In his autobiography Return of the Rishi, Chopra showers fulsome praise on Triguna as the master physician. The Delhi-born doctor had his pulse read by Triguna and was told: ‘You think too many unnecessary thoughts. You are always trying to beat a deadline.’ The prescription: ‘Slow down. Watch more sunsets. Spend more time with your wife and children.’
For Maharishi Ayurved, Triguna helped create Amrit Kalash, the rejuvenation formula which has sold worth over one million in the USA alone. Currently, he is offering his consultancy to the panchakarma clinic in Khosla Hospital in Delhi as well as some Ayurveda hospitals in Germany and the USA run by the Maharishi’s organization.
DR PANKAJ NARAM
Compared to the steady arid staid Triguna, Dr. Naram’s has been a mercurial rise. ‘After qualifying in Ayurveda, I set up my practice, which was a dismal failure. The turning point came when I apprenticed with Baba Ramdas Swami, a centurion who lived on the outskirts of Mumbai and wrought miracles while treating people,’ recalls the stocky doctor who, I suspect, wears platform shoes to prop up his personality.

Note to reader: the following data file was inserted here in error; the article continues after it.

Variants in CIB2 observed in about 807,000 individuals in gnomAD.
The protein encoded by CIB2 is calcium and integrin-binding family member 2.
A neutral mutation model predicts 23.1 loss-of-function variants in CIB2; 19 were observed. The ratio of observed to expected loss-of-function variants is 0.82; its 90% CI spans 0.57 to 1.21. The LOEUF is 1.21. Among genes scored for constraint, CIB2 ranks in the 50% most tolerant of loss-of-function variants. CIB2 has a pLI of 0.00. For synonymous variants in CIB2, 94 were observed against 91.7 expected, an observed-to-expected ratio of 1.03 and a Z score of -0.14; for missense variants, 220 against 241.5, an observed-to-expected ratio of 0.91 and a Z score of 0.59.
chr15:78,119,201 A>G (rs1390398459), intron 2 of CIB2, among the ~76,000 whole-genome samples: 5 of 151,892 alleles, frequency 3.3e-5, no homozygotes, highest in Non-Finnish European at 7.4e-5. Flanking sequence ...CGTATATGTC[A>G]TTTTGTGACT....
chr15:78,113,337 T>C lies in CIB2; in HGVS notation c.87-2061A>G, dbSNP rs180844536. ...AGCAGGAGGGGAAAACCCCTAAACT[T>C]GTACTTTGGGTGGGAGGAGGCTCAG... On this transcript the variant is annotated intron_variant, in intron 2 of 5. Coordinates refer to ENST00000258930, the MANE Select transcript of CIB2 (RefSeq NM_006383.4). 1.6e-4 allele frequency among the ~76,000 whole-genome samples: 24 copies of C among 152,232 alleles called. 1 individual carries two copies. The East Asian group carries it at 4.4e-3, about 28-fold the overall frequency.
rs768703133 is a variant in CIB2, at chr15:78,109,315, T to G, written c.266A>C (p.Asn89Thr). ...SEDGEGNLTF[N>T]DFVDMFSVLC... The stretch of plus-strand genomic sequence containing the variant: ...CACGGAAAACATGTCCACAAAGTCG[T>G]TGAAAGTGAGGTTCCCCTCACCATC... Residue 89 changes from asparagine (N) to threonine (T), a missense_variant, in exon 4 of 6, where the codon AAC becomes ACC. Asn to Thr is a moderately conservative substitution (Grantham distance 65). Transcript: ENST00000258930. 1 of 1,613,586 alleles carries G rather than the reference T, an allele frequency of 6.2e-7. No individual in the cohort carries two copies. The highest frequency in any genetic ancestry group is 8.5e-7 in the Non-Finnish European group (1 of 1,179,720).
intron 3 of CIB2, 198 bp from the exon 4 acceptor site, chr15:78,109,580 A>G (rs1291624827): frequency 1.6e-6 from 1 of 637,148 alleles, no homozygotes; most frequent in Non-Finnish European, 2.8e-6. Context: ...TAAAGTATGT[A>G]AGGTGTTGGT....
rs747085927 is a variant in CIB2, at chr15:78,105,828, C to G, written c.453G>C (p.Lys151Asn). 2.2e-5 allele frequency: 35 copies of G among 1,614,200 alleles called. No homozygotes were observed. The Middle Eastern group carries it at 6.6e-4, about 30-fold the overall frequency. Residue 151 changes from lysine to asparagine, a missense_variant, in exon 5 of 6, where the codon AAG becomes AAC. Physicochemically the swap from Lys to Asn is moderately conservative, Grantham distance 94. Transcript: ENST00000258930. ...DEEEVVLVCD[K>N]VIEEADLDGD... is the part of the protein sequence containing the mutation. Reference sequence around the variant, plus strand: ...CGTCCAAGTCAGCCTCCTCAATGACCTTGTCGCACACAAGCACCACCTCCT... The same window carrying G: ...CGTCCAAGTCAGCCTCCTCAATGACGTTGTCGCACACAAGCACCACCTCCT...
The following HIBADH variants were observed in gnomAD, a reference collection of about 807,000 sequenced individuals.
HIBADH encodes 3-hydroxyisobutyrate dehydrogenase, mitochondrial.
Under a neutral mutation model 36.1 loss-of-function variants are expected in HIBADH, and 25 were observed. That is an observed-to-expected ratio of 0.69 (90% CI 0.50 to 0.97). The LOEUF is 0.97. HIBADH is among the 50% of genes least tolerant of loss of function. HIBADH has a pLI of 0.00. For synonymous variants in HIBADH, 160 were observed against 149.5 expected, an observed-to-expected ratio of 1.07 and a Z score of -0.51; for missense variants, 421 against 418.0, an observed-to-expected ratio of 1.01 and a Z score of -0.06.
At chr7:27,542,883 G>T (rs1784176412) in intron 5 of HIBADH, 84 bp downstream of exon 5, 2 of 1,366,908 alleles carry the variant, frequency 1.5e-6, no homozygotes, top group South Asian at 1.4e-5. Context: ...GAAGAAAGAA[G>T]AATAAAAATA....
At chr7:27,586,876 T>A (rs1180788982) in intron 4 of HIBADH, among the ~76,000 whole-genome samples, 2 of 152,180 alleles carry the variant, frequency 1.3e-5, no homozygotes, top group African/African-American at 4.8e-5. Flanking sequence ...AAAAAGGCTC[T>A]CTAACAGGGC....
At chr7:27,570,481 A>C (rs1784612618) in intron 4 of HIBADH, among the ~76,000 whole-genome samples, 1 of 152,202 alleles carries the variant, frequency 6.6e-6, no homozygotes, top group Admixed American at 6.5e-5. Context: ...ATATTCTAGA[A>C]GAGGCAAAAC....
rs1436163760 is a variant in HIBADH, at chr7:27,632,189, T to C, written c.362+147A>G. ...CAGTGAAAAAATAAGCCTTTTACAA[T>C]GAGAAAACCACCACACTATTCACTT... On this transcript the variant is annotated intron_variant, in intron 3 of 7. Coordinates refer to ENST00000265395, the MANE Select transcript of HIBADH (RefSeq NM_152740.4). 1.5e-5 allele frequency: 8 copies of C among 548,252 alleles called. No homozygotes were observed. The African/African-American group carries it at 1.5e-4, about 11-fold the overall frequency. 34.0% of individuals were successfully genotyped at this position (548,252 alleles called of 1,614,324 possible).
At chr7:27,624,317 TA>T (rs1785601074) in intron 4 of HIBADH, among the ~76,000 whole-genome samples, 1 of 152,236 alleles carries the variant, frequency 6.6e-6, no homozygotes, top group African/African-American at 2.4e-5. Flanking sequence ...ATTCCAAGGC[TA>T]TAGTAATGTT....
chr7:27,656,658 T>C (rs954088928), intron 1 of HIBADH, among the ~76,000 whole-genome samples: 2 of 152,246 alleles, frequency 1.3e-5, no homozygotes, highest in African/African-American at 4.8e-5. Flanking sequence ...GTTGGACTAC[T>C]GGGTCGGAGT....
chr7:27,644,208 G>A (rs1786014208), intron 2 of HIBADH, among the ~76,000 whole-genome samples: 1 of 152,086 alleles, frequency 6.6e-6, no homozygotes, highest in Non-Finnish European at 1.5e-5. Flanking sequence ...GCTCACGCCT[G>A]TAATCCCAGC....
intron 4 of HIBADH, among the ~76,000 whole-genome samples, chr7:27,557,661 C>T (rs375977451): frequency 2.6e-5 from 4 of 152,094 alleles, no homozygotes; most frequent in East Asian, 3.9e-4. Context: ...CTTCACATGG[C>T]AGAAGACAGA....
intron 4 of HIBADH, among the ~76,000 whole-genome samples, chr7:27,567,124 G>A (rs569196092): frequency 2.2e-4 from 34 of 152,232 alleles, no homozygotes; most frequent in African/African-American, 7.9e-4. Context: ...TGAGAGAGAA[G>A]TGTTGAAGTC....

Before bequeathing his knowledge of Ayurveda and pulse diagnosis, the swami tested Dr. Naram’s keenness for a long time and made him swear, among other things, not to charge any consultation fee. Since then, Dr. Naram’s success story, within the space of a decade, reads like a fairy tale. He claims he has been successfully treating all kinds of conditions, including AIDS.
He has helped thousands of infertile couples conceive, ‘to offer tangible, living proof of what Ayurveda can do’. He also employs long-forgotten techniques like Pancholi, which uses acupressure to restore balance in body structure—tested by seeing that the navel is equidistant from the two nipples. He has 10 doctors working for him in India alone and has set up two factories producing medicines and herbal cosmetics.